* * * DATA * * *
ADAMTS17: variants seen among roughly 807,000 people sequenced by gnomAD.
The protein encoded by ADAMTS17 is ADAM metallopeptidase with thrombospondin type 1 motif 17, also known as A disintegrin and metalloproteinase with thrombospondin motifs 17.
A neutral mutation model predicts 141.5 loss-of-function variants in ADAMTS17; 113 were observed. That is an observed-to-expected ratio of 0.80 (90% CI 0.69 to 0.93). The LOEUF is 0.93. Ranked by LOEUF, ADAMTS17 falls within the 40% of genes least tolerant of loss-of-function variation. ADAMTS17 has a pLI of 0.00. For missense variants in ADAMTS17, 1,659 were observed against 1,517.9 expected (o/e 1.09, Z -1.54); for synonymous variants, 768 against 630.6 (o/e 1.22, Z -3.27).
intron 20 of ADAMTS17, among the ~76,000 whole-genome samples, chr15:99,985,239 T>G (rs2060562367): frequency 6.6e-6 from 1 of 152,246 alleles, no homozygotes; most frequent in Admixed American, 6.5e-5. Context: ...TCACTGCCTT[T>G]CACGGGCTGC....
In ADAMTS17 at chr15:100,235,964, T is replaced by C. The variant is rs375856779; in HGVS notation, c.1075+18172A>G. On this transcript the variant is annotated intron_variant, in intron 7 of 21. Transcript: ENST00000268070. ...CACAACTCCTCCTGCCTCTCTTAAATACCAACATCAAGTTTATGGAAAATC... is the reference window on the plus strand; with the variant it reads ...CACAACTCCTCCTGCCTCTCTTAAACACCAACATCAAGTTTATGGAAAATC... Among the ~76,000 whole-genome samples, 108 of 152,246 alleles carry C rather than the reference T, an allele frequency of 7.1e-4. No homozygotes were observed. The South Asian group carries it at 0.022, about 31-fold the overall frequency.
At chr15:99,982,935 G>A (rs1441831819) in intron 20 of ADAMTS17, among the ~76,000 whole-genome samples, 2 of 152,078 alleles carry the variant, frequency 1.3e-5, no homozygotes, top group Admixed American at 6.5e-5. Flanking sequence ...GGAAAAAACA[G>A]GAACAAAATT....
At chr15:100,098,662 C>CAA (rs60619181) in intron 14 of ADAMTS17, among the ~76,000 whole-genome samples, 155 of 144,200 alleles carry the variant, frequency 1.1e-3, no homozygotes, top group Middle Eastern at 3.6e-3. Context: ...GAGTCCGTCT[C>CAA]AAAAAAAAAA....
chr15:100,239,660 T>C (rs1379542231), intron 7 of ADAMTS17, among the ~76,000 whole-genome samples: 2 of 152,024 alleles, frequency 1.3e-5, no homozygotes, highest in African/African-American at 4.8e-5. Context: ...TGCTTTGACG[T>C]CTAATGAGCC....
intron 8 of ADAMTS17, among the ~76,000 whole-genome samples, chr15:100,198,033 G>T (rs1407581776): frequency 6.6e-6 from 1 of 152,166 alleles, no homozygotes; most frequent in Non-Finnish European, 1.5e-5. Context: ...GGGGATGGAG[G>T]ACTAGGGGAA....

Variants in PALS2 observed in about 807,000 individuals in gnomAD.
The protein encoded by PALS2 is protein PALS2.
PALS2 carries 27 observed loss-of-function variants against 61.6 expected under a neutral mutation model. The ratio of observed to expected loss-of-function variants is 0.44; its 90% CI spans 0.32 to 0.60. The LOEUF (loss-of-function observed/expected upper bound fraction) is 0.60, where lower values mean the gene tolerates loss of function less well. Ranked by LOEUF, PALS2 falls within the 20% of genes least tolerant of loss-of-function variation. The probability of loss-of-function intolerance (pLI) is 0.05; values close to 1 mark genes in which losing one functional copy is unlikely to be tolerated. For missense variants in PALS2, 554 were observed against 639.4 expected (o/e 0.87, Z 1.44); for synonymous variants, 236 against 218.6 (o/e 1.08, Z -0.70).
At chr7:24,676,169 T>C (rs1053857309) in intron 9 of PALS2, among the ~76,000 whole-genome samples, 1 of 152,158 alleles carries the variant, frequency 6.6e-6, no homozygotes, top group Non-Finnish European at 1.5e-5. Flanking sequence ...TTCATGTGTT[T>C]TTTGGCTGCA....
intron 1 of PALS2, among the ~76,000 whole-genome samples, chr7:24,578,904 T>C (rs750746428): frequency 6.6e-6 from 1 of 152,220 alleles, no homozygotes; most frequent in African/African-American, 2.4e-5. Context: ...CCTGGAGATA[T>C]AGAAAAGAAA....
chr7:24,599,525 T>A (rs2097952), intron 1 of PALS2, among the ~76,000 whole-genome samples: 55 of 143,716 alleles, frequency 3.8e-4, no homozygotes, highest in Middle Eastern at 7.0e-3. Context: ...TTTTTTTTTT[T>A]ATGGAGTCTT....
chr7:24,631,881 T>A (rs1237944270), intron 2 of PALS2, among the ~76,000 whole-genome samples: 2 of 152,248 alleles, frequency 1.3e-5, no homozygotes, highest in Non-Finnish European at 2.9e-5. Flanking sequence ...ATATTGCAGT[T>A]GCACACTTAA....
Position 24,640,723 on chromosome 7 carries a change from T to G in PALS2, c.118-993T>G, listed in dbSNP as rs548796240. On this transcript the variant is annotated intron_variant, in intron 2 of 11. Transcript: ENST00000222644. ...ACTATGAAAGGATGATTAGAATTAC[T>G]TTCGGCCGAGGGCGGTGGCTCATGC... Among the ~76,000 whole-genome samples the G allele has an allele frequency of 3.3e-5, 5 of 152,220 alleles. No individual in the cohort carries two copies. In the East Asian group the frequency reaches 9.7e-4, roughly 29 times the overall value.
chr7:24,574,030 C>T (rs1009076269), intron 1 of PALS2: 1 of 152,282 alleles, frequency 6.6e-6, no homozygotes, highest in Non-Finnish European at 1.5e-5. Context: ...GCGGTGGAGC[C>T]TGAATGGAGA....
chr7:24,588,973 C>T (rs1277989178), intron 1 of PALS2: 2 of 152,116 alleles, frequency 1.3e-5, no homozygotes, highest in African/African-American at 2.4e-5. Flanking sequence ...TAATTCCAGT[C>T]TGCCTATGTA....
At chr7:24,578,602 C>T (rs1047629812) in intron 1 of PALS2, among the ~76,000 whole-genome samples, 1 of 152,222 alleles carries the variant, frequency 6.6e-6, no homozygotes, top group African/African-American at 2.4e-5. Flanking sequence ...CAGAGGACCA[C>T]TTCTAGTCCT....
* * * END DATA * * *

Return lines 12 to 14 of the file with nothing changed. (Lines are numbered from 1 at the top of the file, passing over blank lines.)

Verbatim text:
PALS2 carries 27 observed loss-of-function variants against 61.6 expected under a neutral mutation model. The ratio of observed to expected loss-of-function variants is 0.44; its 90% CI spans 0.32 to 0.60. The LOEUF (loss-of-function observed/expected upper bound fraction) is 0.60, where lower values mean the gene tolerates loss of function less well. Ranked by LOEUF, PALS2 falls within the 20% of genes least tolerant of loss-of-function variation. The probability of loss-of-function intolerance (pLI) is 0.05; values close to 1 mark genes in which losing one functional copy is unlikely to be tolerated. For missense variants in PALS2, 554 were observed against 639.4 expected (o/e 0.87, Z 1.44); for synonymous variants, 236 against 218.6 (o/e 1.08, Z -0.70).
At chr7:24,676,169 T>C (rs1053857309) in intron 9 of PALS2, among the ~76,000 whole-genome samples, 1 of 152,158 alleles carries the variant, frequency 6.6e-6, no homozygotes, top group Non-Finnish European at 1.5e-5. Flanking sequence ...TTCATGTGTT[T>C]TTTGGCTGCA....
intron 1 of PALS2, among the ~76,000 whole-genome samples, chr7:24,578,904 T>C (rs750746428): frequency 6.6e-6 from 1 of 152,220 alleles, no homozygotes; most frequent in African/African-American, 2.4e-5. Context: ...CCTGGAGATA[T>C]AGAAAAGAAA....